Modern Day Victory Gardens, Guest Post from Dr. Bones & Nurse Amy

Modern Day Victory Gardens

 

Guest Blog from Dr. Bones & Nurse Amy

 

Chatting with us about seeds and being self-reliant

 

 

Victory Garden

 

On loan to us today is the Good Dr. Bones & Nurse Amy from DoomandBloom.net.  They are sharing this great article here with us today on the modern day Victory Garden.  You can get to know them a bit better by listening in to our podcast with Dr. Bones & Nurse Amy.  Please check out their website, they are a wealth of knowledge and some pretty darn good folks too!

 


 

 


Hey Prepper Nation,

 

During WWII, we experienced a number of shortages, and food was one of them.  The government encouraged us to plant Victory Gardens to grow food, supplementing our diet and encouraging self-sufficiency. In all, 20 million gardens were planted!   Today, more and more people are starting their own home vegetable gardens, and this is very good news!  Even First Lady Michele Obama has joined the club, setting up and maintaining a vegetable garden on the White House grounds.  Even if you do not care for the current administration, this is one thing that, without a doubt, they have gotten right.


FLOTUS garden


Victory Gardens of WWII or the modern day kinds are a great way to learn those skills that your grandparents (or great-grandparents) were proficient at, but that we have mostly lost.  Given our dependence on technology, we have not felt the need to learn basic things like growing our own food, and we are poorer for it.  I do not just mean money-wise, I am talking about the sense of accomplishment you get from planting a seed and holding a veggie in your hands that exists because of your commitment to become self-reliant!  Taking the time to learn to care for plants, save seeds and develop food producing skills is a gift you can give to yourself.  Even if you are talking money, look at the prices in the grocery store for some of the things that you could grow in your garden.  That ain’t chicken feed!


We have been spoiled by long-distance food transport.  How amazing is it that we can buy bananas in Montana in January?  We will not be able to depend on this if a collapse occurs one day, so learn what grows in your area at what time of year.  Try to grow different vegetables, see what works in your garden.  Getting through the learning curve in growing food is something that should be done now, so that you will be an accomplished grower by the time you actually need to be to able to survive by what you produce.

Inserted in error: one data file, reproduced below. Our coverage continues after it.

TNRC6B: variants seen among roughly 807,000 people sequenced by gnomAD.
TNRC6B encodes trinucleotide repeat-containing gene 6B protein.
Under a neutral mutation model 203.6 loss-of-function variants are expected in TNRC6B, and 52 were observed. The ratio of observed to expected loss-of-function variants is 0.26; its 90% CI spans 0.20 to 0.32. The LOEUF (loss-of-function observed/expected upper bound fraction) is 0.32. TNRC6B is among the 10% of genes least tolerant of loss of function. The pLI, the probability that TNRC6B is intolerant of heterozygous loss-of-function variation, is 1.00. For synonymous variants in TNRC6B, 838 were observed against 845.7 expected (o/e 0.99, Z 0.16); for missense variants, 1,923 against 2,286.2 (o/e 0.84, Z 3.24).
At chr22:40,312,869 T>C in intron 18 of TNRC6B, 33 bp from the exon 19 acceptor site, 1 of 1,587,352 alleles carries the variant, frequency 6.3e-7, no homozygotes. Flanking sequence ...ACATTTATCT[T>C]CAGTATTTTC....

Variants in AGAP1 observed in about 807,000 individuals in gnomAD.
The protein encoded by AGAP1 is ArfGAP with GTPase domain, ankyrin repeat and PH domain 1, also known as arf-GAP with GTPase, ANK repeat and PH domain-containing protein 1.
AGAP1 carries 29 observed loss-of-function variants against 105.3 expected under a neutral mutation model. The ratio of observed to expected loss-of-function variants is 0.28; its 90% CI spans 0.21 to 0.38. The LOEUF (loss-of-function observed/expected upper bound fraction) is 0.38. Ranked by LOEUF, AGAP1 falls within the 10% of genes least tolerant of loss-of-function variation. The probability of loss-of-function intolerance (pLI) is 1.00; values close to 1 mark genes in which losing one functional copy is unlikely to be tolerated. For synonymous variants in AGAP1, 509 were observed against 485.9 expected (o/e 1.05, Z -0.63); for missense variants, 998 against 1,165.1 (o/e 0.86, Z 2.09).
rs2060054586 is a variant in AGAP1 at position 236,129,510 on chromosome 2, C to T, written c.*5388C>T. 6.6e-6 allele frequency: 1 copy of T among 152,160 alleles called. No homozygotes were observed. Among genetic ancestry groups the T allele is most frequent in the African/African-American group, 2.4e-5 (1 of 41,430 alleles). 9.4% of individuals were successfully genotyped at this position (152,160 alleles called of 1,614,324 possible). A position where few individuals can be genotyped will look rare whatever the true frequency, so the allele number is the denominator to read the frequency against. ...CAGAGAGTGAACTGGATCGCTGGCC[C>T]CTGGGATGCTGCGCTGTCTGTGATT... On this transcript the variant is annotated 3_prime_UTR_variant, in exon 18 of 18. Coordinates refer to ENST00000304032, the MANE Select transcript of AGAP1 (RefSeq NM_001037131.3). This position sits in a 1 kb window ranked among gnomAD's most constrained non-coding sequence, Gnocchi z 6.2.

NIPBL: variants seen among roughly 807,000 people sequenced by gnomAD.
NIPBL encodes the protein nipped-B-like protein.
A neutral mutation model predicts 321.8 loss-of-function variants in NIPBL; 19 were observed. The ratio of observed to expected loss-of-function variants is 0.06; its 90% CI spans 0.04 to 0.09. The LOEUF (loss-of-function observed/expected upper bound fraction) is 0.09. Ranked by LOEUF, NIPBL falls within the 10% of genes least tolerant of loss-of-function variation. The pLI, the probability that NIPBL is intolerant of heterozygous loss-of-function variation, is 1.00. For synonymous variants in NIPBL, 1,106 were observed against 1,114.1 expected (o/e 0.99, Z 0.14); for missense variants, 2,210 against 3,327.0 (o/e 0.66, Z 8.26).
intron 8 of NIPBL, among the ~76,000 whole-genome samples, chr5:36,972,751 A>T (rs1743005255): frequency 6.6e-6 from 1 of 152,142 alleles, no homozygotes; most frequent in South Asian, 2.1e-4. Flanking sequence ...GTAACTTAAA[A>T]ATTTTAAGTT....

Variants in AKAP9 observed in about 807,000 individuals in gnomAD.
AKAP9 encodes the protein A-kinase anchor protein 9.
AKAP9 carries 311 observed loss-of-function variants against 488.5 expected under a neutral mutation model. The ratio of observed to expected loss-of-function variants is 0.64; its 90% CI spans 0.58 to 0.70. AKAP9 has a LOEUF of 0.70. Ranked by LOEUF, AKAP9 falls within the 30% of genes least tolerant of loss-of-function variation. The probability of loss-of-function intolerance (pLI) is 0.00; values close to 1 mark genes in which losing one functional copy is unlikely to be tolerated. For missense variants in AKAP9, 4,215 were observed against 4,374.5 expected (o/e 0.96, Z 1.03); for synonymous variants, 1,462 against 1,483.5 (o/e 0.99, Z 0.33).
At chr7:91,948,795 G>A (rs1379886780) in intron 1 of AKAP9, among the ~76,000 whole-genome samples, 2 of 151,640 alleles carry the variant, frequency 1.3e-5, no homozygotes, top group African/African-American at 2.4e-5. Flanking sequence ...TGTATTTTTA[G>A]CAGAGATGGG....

Victory Garden 2


Anyone can learn to grow food.  Even if you live in a small apartment in New York City, you have enough space on your kitchen counter to grow a nutritious “crop” of sprouts.  If you have a balcony or a patio, you can grow vegetables in containers.  Even if your soil is not perfect, you can place a raised bed or two in your yard, and get some good soil and compost into it.  There is a lot of ways to get a garden together; make yours that special place where you can sit, read a book, and get back to nature.





Humans have a natural curiosity to learn new things.  Use yours to read some homesteading articles. Learn how to make good soil, and put some seeds in the ground and start your own victory garden.  Theodore Roosevelt once said: “9/10ths of wisdom is being wise in time”.  Be a Victory Gardener, and I promise you will be plenty wise in plenty of time.  If Nurse Amy and I can do it, YOU sure can!


Dr. Bones


Wilson, Chaya, Nurse Amy and Dr Bones

 

Photo Credits:

Victory garden photos taken from original blog post on DoomandBloom.net

Doom and Bloom icon is from DoomandBloom.net

First Lady Michelle Obama in the Garden by Whitehouse.gov  http://www.whitehouse.gov/blog/2010/10/22/first-lady-s-fall-2010-kitchen-garden-harvest

Photo of Wilson, Chaya, Nurse Amy and Dr Bones by Pantry Paratus

 

Proviso:

Although Dr. Bones is a real Medical Doctor, nothing in this blog constitutes medical advice.  You should consult your own physician before making any dietary changes.  Statements in this blog may or may not be congruent with current USDA or FDA guidance.

 

About Chaya Foedus

Flour on the ceiling. The ugliest vintage apron collection you've ever seen. And an affinity for old-fashioned kitchen skills that center on health, preparedness, and family meal-time. I am passionate about helping people find their kitchens and then teaching them what to do once they get there.

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